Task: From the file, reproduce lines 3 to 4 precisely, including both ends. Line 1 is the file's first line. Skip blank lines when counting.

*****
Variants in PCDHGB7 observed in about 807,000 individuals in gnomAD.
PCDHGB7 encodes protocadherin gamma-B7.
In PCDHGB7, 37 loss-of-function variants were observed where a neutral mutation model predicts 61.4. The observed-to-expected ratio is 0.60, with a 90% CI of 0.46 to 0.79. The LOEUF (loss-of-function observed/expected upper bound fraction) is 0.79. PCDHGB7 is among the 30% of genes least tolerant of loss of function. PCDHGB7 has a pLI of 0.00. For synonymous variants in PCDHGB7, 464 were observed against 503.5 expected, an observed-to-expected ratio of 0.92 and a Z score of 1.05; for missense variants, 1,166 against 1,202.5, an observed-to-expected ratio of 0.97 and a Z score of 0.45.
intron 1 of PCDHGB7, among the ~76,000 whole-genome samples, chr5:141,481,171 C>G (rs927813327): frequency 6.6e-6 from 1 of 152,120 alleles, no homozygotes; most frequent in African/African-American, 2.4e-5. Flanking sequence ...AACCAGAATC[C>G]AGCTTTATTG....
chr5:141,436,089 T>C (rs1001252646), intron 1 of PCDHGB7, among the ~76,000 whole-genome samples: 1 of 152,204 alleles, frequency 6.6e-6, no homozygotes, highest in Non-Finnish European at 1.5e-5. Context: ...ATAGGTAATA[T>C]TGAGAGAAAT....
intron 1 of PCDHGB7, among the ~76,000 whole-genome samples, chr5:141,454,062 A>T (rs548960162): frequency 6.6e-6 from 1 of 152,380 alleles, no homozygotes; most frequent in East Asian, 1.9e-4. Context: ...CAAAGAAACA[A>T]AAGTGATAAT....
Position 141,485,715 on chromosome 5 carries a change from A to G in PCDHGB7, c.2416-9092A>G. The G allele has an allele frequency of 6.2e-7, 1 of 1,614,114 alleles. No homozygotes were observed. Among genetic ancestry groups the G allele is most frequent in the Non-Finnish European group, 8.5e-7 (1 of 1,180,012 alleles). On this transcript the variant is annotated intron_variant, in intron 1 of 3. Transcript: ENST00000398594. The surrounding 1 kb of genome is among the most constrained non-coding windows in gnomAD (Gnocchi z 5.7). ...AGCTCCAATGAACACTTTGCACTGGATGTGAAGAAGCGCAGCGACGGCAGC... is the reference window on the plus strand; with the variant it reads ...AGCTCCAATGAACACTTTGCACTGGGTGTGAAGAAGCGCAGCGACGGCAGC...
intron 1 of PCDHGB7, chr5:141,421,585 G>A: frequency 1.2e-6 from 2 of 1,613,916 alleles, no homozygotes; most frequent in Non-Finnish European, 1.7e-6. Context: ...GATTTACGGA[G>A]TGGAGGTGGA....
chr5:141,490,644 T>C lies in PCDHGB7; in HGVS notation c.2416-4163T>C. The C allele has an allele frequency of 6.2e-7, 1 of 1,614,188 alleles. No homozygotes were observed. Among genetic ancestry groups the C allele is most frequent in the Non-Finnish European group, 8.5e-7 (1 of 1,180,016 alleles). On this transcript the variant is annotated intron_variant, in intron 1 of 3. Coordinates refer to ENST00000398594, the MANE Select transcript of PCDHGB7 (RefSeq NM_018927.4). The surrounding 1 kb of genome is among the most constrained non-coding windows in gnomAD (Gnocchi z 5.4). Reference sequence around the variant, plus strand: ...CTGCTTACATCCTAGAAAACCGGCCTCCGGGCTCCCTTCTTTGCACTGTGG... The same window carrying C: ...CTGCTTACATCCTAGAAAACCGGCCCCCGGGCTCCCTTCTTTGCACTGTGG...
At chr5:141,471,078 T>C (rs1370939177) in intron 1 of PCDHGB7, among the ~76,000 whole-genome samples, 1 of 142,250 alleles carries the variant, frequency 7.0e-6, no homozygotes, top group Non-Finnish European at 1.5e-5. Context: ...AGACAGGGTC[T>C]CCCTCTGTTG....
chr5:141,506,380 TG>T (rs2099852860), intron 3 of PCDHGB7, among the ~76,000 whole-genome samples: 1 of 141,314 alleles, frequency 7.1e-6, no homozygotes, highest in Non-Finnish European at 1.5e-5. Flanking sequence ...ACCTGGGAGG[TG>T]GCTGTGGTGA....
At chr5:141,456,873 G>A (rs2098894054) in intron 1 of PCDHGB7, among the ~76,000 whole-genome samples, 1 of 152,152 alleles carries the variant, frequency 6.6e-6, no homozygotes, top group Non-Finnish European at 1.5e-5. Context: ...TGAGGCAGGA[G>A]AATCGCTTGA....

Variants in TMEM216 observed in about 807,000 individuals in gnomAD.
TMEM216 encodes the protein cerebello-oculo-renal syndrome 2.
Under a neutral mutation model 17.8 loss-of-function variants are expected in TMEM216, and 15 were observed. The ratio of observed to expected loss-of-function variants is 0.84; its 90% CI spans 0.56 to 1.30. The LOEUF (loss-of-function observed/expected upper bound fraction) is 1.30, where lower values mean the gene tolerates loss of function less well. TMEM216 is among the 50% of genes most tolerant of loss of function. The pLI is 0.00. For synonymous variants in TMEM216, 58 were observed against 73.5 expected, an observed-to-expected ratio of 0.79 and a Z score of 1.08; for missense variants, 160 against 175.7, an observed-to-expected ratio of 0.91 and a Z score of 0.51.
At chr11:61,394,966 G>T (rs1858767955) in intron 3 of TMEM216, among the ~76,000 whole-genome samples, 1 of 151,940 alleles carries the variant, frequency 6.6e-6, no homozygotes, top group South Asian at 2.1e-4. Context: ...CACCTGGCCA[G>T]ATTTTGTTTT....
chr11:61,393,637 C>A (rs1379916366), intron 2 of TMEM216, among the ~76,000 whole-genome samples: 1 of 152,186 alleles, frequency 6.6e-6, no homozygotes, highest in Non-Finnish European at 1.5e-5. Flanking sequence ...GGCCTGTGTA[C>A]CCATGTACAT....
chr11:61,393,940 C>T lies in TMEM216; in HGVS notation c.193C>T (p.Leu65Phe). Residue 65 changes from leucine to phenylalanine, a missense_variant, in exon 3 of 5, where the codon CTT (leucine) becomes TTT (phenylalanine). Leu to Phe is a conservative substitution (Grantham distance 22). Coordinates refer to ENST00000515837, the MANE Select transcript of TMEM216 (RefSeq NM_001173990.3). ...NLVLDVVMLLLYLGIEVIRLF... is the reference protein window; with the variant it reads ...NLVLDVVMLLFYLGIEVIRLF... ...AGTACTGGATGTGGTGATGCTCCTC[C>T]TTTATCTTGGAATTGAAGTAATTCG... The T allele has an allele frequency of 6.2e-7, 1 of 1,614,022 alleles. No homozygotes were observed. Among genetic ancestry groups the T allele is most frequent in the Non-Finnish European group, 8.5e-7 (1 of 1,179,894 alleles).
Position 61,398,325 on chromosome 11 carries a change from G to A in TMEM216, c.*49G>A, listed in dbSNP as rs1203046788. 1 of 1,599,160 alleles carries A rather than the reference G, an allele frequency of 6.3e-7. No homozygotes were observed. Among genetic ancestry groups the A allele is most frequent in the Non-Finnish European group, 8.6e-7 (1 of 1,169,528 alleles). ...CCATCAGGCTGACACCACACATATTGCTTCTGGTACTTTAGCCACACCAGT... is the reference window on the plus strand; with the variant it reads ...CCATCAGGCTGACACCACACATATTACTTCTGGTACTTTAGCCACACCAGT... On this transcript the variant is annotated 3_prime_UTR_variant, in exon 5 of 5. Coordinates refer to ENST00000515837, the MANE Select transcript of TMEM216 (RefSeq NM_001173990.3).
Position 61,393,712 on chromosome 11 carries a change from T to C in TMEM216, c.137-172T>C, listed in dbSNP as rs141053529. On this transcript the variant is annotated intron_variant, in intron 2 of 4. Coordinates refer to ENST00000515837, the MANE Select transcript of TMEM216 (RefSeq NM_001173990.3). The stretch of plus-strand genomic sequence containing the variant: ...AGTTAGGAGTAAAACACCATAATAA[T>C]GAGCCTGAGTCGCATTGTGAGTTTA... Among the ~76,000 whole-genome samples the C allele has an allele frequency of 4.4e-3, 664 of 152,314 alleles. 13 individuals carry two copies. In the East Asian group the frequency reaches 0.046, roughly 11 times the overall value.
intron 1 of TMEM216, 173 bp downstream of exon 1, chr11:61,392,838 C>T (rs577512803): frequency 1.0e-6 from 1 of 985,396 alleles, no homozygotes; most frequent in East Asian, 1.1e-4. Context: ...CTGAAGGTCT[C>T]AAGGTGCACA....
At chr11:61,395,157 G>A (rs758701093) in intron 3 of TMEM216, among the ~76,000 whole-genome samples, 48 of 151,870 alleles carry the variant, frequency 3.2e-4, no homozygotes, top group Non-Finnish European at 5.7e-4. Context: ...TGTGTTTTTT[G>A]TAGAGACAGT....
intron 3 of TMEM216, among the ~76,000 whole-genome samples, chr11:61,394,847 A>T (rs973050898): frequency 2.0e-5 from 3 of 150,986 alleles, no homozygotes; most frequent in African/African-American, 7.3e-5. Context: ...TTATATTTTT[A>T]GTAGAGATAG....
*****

In PCDHGB7, 37 loss-of-function variants were observed where a neutral mutation model predicts 61.4. The observed-to-expected ratio is 0.60, with a 90% CI of 0.46 to 0.79. The LOEUF (loss-of-function observed/expected upper bound fraction) is 0.79. PCDHGB7 is among the 30% of genes least tolerant of loss of function. PCDHGB7 has a pLI of 0.00. For synonymous variants in PCDHGB7, 464 were observed against 503.5 expected, an observed-to-expected ratio of 0.92 and a Z score of 1.05; for missense variants, 1,166 against 1,202.5, an observed-to-expected ratio of 0.97 and a Z score of 0.45.
intron 1 of PCDHGB7, among the ~76,000 whole-genome samples, chr5:141,481,171 C>G (rs927813327): frequency 6.6e-6 from 1 of 152,120 alleles, no homozygotes; most frequent in African/African-American, 2.4e-5. Flanking sequence ...AACCAGAATC[C>G]AGCTTTATTG....